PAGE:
Long-term patency of a polymer vein valve
Midha, Prem Anand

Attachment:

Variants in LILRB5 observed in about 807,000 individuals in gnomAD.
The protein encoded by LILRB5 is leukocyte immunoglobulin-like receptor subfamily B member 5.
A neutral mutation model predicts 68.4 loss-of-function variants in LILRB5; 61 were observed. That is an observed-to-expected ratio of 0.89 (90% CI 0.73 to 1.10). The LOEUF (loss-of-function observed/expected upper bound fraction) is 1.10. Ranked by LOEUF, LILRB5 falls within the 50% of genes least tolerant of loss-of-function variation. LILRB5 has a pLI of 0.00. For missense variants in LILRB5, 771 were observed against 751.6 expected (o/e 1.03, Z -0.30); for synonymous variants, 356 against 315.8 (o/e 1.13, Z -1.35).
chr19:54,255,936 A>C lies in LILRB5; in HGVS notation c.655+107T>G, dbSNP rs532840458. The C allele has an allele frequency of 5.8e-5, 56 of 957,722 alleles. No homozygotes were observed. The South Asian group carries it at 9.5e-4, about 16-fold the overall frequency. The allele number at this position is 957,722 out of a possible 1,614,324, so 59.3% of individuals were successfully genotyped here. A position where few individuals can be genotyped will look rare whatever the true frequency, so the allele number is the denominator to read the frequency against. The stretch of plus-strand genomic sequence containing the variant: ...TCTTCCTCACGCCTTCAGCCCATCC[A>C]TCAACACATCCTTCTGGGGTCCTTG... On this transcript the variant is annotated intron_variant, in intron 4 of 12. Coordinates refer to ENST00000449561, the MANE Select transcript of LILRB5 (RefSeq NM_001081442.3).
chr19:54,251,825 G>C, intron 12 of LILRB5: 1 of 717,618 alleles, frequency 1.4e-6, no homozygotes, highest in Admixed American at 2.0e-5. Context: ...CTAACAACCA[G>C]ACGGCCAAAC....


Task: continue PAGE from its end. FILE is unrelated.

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Chronic Venous Insufficiency (CVI) is a condition in present in almost 27% of adults in which an insufficient amount of blood is pumped back to the heart due to damaged or poorly apposed one-way valves in the leg veins. During forward flow, vein valves allow blood to return to the heart while posing very little resistance to the flow. During gravity-driven reverse flow, normal valves close and prevent blood from flowing backward through the valve. Incompetent, or damaged, vein valves cannot prevent this reverse flow and lead to a pooling of blood at the feet. CVI is a painful disease presents itself in various ways, including varicose veins, ulcerations of the lower extremities, and severe swelling. Current therapies and treatments include compressive stockings, destruction or removal of affected veins, valve repair, and valve transplants. The implantation of prosthetic vein valves is a future treatment option that does not require an invasive surgery, human donor, or lengthy hospital stay. While no prosthetic vein valves are currently commercially available, this thesis describes the design, verification, and validation of a novel prosthetic vein valve. Verification tests include CFD simulations, functional tests, mechanical tests, and in vitro thromogenicity tests. The validation of the device was done through an animal study in sheep external jugular veins. CFD analysis verified that shear rates within the valve support its lower thrombogenicity as compared to a previous vein valve. Benchtop tests demonstrate superiority in short-term patency over a previous polymer valve. In a sheep study, patency was shown at 6 weeks, surpassing many autograft valves and showing great potential to meet the goal of 3 month patency in sheep.